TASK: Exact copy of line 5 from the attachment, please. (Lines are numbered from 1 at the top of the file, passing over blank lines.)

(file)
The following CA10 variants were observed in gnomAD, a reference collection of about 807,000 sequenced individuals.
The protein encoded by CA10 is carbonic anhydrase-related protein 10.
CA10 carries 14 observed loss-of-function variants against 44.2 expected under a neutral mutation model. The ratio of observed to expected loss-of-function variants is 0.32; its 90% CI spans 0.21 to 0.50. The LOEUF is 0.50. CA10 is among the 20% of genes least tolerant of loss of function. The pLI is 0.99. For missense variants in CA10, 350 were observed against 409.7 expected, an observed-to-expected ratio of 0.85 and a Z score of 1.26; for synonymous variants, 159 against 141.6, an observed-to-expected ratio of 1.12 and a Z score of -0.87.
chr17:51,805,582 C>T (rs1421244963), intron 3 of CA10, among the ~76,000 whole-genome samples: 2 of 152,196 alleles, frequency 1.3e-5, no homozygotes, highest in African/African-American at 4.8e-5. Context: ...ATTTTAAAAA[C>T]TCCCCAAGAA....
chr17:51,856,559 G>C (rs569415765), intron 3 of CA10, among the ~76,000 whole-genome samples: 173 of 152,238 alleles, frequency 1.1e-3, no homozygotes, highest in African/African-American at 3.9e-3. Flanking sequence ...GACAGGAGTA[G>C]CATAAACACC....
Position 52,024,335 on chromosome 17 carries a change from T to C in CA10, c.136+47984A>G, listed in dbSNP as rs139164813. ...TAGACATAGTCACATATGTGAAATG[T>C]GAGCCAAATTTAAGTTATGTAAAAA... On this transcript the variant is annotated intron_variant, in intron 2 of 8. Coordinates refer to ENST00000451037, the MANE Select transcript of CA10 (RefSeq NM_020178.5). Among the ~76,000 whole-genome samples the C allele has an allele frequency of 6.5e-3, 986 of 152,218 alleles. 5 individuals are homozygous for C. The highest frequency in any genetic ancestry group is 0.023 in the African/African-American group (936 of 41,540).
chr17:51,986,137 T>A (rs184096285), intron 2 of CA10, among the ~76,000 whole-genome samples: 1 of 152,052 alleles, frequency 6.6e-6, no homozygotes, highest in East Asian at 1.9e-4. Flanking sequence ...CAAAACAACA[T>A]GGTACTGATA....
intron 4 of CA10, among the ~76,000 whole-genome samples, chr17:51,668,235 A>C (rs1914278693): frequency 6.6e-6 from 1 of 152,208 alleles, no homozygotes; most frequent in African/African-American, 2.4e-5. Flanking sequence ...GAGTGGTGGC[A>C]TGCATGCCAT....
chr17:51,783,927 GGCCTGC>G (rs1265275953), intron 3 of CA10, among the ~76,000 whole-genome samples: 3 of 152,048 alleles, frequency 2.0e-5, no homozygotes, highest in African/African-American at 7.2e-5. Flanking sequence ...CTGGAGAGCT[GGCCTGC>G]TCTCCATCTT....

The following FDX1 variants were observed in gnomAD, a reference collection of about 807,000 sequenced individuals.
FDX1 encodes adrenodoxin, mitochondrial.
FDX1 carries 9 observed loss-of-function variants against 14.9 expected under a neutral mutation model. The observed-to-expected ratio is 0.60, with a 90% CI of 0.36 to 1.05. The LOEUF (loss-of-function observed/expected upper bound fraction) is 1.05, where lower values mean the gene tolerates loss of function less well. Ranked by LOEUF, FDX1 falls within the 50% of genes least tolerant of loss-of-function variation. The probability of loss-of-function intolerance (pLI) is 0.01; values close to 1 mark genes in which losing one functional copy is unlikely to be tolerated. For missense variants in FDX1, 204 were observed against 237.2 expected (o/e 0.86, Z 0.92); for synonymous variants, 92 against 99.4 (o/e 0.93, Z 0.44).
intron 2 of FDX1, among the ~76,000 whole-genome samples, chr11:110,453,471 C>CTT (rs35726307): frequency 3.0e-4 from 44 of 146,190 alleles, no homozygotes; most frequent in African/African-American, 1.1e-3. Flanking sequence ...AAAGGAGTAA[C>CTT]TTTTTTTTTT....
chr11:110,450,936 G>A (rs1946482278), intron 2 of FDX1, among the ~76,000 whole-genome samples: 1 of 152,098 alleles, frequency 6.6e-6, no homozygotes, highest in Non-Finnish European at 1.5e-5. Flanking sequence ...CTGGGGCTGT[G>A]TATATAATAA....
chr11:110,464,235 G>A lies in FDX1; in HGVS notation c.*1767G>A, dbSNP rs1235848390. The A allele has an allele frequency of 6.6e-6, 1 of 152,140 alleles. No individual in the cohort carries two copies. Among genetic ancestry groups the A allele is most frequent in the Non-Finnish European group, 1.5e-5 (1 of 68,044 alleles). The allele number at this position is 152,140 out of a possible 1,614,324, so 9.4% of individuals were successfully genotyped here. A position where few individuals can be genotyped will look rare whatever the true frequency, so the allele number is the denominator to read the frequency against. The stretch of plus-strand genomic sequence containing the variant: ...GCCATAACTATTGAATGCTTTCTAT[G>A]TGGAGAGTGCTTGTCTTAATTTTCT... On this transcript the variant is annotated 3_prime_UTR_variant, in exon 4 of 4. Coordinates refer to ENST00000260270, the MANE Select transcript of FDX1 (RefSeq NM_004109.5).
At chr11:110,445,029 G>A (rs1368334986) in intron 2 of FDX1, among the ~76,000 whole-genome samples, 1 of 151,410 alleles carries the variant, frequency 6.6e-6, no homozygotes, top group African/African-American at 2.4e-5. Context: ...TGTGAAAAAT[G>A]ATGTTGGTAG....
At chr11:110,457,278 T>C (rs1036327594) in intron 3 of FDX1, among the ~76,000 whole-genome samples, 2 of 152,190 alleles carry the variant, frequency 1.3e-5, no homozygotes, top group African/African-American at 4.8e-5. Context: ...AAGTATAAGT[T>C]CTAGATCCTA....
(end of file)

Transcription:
chr17:51,856,559 G>C (rs569415765), intron 3 of CA10, among the ~76,000 whole-genome samples: 173 of 152,238 alleles, frequency 1.1e-3, no homozygotes, highest in African/African-American at 3.9e-3. Flanking sequence ...GACAGGAGTA[G>C]CATAAACACC....